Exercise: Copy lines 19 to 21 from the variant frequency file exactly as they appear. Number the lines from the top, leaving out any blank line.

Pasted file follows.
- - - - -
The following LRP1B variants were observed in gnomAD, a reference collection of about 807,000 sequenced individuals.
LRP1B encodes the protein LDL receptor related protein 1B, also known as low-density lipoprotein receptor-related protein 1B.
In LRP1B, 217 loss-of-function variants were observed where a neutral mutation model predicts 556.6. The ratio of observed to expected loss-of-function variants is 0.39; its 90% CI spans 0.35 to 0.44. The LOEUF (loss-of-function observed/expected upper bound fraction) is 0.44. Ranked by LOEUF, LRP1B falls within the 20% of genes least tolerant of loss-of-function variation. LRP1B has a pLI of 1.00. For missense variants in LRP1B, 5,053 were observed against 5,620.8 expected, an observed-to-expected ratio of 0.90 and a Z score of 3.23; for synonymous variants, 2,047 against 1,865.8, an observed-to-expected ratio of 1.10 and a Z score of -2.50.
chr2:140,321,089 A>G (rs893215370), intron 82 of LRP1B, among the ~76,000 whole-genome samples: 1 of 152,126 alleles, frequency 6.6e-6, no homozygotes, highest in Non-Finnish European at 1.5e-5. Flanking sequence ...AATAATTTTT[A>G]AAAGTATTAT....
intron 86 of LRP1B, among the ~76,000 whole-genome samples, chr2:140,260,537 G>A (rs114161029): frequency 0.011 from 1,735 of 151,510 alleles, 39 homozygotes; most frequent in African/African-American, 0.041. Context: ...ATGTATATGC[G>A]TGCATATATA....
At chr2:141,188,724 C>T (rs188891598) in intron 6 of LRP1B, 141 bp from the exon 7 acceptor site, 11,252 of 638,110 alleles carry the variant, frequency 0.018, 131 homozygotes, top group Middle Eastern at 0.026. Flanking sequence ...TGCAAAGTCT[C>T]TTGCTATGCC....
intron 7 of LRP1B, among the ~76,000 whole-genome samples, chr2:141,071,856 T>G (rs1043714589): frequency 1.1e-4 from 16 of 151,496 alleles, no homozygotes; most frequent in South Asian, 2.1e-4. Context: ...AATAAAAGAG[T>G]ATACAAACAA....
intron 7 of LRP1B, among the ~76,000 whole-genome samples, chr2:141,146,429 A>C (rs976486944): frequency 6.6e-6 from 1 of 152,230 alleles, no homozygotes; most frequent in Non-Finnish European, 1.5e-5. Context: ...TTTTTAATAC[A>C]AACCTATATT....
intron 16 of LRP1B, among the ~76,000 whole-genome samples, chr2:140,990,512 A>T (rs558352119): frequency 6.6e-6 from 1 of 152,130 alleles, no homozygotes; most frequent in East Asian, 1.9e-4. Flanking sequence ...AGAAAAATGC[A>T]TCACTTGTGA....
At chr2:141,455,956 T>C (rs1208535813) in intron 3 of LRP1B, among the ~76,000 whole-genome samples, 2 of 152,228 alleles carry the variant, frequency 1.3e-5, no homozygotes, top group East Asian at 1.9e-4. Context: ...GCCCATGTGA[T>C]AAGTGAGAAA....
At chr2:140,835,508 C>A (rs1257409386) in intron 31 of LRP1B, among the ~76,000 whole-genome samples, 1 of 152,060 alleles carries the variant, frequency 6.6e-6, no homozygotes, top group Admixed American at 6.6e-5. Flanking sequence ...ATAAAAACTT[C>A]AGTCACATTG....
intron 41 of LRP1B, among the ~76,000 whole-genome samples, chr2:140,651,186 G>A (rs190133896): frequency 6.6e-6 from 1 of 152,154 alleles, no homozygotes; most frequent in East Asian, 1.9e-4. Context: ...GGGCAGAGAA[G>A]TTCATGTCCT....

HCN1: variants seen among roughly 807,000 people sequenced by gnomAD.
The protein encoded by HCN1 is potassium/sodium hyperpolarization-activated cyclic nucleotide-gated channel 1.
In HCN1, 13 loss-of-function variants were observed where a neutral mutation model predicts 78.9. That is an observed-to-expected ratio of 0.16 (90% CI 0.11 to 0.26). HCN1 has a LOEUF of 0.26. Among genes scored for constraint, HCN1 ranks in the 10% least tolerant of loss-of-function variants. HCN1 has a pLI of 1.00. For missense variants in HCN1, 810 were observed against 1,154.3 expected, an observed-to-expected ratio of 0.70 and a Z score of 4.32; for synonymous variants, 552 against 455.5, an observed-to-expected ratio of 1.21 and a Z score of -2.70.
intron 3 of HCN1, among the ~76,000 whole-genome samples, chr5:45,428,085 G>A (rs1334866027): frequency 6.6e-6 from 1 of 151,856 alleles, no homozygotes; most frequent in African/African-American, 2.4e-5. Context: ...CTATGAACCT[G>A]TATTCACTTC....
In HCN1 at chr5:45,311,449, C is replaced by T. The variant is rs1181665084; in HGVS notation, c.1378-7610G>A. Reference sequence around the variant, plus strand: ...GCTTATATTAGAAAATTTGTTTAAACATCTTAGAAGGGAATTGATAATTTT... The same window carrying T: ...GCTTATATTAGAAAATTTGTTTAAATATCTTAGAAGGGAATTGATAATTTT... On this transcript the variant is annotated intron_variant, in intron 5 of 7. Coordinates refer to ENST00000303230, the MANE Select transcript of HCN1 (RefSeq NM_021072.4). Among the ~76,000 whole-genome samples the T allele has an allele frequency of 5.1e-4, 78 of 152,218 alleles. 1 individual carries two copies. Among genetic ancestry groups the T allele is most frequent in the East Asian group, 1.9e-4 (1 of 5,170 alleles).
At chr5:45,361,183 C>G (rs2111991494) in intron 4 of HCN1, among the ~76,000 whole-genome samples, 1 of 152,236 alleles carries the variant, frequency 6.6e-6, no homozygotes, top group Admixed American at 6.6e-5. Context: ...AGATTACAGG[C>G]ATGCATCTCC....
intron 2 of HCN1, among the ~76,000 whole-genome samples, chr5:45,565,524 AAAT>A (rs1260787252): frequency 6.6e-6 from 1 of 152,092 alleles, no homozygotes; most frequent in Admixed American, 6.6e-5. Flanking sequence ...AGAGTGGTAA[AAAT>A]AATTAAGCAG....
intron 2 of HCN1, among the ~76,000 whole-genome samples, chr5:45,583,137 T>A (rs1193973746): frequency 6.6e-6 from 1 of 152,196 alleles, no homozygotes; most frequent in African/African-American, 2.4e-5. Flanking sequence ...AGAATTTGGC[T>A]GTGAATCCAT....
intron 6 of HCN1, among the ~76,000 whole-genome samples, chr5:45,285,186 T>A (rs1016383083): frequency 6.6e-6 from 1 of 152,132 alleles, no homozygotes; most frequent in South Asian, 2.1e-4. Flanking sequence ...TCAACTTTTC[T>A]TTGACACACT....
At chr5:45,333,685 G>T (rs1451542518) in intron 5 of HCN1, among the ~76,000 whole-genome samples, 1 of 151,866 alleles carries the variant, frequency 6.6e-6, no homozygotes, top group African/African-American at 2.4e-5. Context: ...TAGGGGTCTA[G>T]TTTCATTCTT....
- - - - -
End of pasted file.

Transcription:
intron 2 of HCN1, among the ~76,000 whole-genome samples, chr5:45,565,524 AAAT>A (rs1260787252): frequency 6.6e-6 from 1 of 152,092 alleles, no homozygotes; most frequent in Admixed American, 6.6e-5. Flanking sequence ...AGAGTGGTAA[AAAT>A]AATTAAGCAG....
intron 2 of HCN1, among the ~76,000 whole-genome samples, chr5:45,583,137 T>A (rs1193973746): frequency 6.6e-6 from 1 of 152,196 alleles, no homozygotes; most frequent in African/African-American, 2.4e-5. Flanking sequence ...AGAATTTGGC[T>A]GTGAATCCAT....
intron 6 of HCN1, among the ~76,000 whole-genome samples, chr5:45,285,186 T>A (rs1016383083): frequency 6.6e-6 from 1 of 152,132 alleles, no homozygotes; most frequent in South Asian, 2.1e-4. Flanking sequence ...TCAACTTTTC[T>A]TTGACACACT....